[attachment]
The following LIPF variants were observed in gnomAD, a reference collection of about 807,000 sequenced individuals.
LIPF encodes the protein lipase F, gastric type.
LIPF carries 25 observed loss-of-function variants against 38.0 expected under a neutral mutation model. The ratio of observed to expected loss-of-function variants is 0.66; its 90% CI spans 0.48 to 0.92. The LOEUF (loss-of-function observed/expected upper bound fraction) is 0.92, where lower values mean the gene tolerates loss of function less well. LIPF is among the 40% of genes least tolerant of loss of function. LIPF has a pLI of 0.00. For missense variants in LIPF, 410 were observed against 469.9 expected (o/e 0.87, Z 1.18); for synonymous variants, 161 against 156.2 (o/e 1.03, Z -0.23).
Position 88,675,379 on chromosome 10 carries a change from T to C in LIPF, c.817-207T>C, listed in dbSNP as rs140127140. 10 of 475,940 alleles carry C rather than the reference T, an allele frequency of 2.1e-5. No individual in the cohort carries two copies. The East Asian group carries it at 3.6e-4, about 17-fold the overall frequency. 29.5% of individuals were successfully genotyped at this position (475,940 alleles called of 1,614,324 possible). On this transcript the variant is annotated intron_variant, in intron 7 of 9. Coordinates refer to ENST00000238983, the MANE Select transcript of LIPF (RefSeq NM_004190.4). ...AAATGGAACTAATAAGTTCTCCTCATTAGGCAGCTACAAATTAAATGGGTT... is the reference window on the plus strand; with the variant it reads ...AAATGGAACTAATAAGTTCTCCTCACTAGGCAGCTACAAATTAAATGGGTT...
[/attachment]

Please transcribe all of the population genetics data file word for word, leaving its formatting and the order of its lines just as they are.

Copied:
The following LIPF variants were observed in gnomAD, a reference collection of about 807,000 sequenced individuals.
LIPF encodes the protein lipase F, gastric type.
LIPF carries 25 observed loss-of-function variants against 38.0 expected under a neutral mutation model. The ratio of observed to expected loss-of-function variants is 0.66; its 90% CI spans 0.48 to 0.92. The LOEUF (loss-of-function observed/expected upper bound fraction) is 0.92, where lower values mean the gene tolerates loss of function less well. LIPF is among the 40% of genes least tolerant of loss of function. LIPF has a pLI of 0.00. For missense variants in LIPF, 410 were observed against 469.9 expected (o/e 0.87, Z 1.18); for synonymous variants, 161 against 156.2 (o/e 1.03, Z -0.23).
Position 88,675,379 on chromosome 10 carries a change from T to C in LIPF, c.817-207T>C, listed in dbSNP as rs140127140. 10 of 475,940 alleles carry C rather than the reference T, an allele frequency of 2.1e-5. No individual in the cohort carries two copies. The East Asian group carries it at 3.6e-4, about 17-fold the overall frequency. 29.5% of individuals were successfully genotyped at this position (475,940 alleles called of 1,614,324 possible). On this transcript the variant is annotated intron_variant, in intron 7 of 9. Coordinates refer to ENST00000238983, the MANE Select transcript of LIPF (RefSeq NM_004190.4). ...AAATGGAACTAATAAGTTCTCCTCATTAGGCAGCTACAAATTAAATGGGTT... is the reference window on the plus strand; with the variant it reads ...AAATGGAACTAATAAGTTCTCCTCACTAGGCAGCTACAAATTAAATGGGTT...